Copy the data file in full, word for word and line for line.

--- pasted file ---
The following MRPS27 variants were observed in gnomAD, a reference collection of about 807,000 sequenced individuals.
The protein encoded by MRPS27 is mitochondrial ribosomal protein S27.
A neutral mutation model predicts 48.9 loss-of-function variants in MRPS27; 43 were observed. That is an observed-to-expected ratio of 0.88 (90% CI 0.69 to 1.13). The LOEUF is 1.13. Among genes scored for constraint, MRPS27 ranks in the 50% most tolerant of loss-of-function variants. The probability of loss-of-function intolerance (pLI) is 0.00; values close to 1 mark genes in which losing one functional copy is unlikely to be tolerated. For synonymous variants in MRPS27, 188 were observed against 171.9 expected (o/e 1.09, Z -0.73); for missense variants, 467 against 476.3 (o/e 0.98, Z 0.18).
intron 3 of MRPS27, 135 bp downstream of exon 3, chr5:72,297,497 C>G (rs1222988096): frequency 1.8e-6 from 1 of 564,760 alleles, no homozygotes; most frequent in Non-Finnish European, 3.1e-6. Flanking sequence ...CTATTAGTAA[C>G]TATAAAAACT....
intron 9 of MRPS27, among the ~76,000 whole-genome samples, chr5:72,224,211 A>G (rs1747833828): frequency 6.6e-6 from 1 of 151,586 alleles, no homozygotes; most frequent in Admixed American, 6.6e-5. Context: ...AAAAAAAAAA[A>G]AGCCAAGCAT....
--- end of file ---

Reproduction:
The following MRPS27 variants were observed in gnomAD, a reference collection of about 807,000 sequenced individuals.
The protein encoded by MRPS27 is mitochondrial ribosomal protein S27.
A neutral mutation model predicts 48.9 loss-of-function variants in MRPS27; 43 were observed. That is an observed-to-expected ratio of 0.88 (90% CI 0.69 to 1.13). The LOEUF is 1.13. Among genes scored for constraint, MRPS27 ranks in the 50% most tolerant of loss-of-function variants. The probability of loss-of-function intolerance (pLI) is 0.00; values close to 1 mark genes in which losing one functional copy is unlikely to be tolerated. For synonymous variants in MRPS27, 188 were observed against 171.9 expected (o/e 1.09, Z -0.73); for missense variants, 467 against 476.3 (o/e 0.98, Z 0.18).
intron 3 of MRPS27, 135 bp downstream of exon 3, chr5:72,297,497 C>G (rs1222988096): frequency 1.8e-6 from 1 of 564,760 alleles, no homozygotes; most frequent in Non-Finnish European, 3.1e-6. Flanking sequence ...CTATTAGTAA[C>G]TATAAAAACT....
intron 9 of MRPS27, among the ~76,000 whole-genome samples, chr5:72,224,211 A>G (rs1747833828): frequency 6.6e-6 from 1 of 151,586 alleles, no homozygotes; most frequent in Admixed American, 6.6e-5. Context: ...AAAAAAAAAA[A>G]AGCCAAGCAT....